Jim Harbaugh officially will not be on the sidelines for the Ohio State game in nine days.
Per a release from Michigan, Harbaugh has accepted his three-game suspension imposed by the conference last Friday and will no longer seek a temporary restraining order against the conference in a hearing that was set for Friday. As a result, Harbaugh will not be on the sidelines for Michigan’s final two games of the regular season against Maryland or Ohio State.
“This morning, the University, coach Harbaugh, and the Big Ten resolved their pending litigation," the statement reads. "The Conference agreed to close its investigation, and the University and coach Harbaugh agreed to accept the three-game suspension. Coach Harbaugh, with the University’s support, decided to accept this sanction to return the focus to our student athletes and their performance on the field. The Conference has confirmed that it is not aware of any information suggesting Coach Harbaugh’s involvement in the allegations. The University continues to cooperate fully with the NCAA’s investigation,”
The Big Ten also released a statement Thursday on Michigan's decision not to appeal the suspension.
"The Big Ten Conference’s commitment to student-athletes, sportsmanship and the Commissioner’s duty to protect the integrity of competition will never waver," the Big Ten wrote. "Today’s decision by the University of Michigan to withdraw its legal challenge against the Conference’s November 10th Notice of Disciplinary Action is indicative of the high standards and values that the Conference and the University seek to uphold. The University of Michigan is a valued member of the Big Ten Conference and the Conference will continue to work cooperatively with the University and the NCAA during this process."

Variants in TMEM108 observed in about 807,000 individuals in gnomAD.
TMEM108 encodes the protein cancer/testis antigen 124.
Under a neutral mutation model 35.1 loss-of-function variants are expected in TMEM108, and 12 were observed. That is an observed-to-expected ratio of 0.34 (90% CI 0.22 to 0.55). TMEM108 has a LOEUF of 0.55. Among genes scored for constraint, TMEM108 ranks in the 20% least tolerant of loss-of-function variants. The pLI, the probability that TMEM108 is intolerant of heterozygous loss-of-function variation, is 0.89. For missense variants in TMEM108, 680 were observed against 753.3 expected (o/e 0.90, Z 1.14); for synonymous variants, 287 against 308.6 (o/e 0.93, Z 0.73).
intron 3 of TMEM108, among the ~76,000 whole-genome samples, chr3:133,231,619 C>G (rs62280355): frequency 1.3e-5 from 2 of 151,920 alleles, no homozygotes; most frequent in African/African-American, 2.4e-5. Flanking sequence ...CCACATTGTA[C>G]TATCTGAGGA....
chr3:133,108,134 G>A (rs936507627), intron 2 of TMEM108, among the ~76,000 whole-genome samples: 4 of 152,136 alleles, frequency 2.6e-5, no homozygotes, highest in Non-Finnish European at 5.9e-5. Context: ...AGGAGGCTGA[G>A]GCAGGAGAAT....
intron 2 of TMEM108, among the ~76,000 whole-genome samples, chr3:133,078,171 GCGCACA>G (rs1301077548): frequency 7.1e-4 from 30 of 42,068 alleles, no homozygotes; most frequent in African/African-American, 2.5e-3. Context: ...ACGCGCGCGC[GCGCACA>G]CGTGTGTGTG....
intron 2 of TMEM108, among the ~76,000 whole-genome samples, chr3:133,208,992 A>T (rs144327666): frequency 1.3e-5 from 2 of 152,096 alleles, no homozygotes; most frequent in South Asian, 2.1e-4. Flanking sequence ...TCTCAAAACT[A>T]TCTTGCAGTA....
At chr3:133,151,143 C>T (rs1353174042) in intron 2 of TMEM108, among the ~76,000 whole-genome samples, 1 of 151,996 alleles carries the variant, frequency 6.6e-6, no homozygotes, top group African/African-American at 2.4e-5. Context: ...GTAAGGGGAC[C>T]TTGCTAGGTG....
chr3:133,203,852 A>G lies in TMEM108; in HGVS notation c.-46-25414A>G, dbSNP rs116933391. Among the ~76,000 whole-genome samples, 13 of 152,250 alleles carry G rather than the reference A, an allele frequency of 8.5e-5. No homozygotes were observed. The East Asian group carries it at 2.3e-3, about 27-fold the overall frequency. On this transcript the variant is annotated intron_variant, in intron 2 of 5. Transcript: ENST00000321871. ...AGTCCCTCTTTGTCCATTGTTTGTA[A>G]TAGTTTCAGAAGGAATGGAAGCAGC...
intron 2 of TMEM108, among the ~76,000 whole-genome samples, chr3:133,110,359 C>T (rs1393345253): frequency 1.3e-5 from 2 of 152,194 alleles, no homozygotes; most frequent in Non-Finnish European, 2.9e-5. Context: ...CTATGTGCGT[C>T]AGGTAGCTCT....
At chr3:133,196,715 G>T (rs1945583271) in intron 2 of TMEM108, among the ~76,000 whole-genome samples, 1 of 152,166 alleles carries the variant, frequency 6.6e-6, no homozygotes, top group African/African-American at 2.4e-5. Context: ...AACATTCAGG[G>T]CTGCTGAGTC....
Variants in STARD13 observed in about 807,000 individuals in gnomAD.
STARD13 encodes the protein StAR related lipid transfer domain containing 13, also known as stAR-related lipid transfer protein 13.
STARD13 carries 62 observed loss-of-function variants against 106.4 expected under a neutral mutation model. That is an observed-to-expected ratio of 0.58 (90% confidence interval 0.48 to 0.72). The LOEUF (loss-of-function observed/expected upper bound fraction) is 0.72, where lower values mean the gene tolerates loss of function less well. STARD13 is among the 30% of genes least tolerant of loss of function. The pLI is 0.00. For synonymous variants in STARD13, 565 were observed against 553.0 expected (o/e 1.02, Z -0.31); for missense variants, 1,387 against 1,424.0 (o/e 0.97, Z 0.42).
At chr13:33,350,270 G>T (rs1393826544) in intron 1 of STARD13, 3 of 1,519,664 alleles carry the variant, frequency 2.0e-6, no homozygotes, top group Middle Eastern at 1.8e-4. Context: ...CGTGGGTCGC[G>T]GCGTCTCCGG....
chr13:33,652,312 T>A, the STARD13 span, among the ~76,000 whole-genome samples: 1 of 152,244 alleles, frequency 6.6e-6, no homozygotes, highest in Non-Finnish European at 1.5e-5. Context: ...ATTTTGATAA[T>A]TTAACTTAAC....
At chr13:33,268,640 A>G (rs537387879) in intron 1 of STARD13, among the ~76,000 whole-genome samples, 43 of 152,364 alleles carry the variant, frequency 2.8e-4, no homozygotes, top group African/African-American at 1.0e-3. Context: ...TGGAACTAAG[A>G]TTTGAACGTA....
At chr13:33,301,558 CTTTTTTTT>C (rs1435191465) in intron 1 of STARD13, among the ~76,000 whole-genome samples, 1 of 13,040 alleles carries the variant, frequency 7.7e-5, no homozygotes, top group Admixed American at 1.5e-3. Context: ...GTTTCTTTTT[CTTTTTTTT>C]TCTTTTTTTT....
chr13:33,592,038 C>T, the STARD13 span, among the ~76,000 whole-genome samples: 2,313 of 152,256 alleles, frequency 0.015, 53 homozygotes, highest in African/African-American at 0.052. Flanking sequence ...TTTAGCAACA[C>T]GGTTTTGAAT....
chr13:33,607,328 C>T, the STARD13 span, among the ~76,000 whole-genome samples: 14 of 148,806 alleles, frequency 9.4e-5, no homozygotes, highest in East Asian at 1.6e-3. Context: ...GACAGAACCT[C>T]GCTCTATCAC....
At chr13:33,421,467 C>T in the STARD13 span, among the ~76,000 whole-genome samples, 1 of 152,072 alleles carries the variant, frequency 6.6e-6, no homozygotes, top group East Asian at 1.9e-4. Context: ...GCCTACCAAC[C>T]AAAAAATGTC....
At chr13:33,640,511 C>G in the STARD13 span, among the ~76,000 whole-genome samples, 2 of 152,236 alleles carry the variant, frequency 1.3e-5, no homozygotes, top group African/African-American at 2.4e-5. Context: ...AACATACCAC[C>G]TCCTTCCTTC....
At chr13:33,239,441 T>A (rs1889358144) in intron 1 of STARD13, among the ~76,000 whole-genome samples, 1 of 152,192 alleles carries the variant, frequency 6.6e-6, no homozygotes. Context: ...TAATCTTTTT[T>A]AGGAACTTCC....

While Michigan said in its statement that the Big Ten “agreed to close its investigation,” Catherine Briley of The Athletic reported that Michigan and Harbaugh “voluntarily dismissed their complaint against the Big Ten,” citing the Washtenaw County courthouse, where Harbaugh’s hearing was scheduled to be held Friday. That said, Nicole Auerbach of The Athletic reported that the Big Ten “is now deferring to the NCAA and its penalty process” and will only impose further punishments against Michigan if “the NCAA finds/proves that one or more of Michigan’s countable coaches were involved in the Connor Stalions scheme.”
The Big Ten issued Harbaugh's three-game suspension a day before the Wolverines faced Penn State, which prevents him from being with the team on gamedays for the rest of the regular season but still allows him to coach during the week. The suspension led Michigan to immediately file a request for a temporary restraining order that would still allow him to coach through the season, but it was not ruled on in time for the Wolverines' game against the Nittany Lions. A hearing was set for Friday, but will no longer take place now that Harbaugh has accepted the suspension.
With offensive coordinator Sherrone Moore acting as head coach in Harbaugh's place, Michigan defeated Penn State, 24-15. Moore is expected to remain the acting head coach for the final two regular season games.
The suspension is only for the rest of the regular season, meaning Harbaugh will be allowed to return to the sidelines for any postseason games Michigan qualifies for, including the Big Ten Championship Game if the Wolverines beat Ohio State.
The Big Ten announced on Oct. 19 that the NCAA had launched an investigation into Michigan for scouting opponents in person and filming opponents’ signals, both of which are prohibited by NCAA rules. Connor Stalions, a former staffer for the Wolverines, allegedly purchased tickets to more than 35 games at a minimum of 17 different schools over the past three years, including games involving at least 12 of the Big Ten’s other 13 teams. Images also emerged that appeared to show Stalions on the sideline of Central Michigan’s season opener against Michigan State.
In the Big Ten’s official disciplinary notice to Michigan last week, the Big Ten said it was informed by the NCAA on Nov. 2 that it “knew and could prove” that Stalions “coordinated a vast off-campus, in-person advance scouting scheme involving a network of individuals” that included videoing opponents’ signals from seats strategically located in other stadiums.
Stalions resigned from Michigan on Nov. 3 after he was initially suspended with pay by the university on Oct. 20.
Harbaugh has said he was unaware of the alleged sign-stealing scheme, saying in a statement on Oct. 19 that he did “not have any knowledge or information regarding the University of Michigan football program illegally stealing signals, nor have I directed any staff member or others to participate in an off-campus scouting assignment.” That said, Harbaugh can be found culpable for NCAA violations committed by his staff if it is determined he should have been aware violations were occurring even if it is not proven that he was directly involved in the scheme.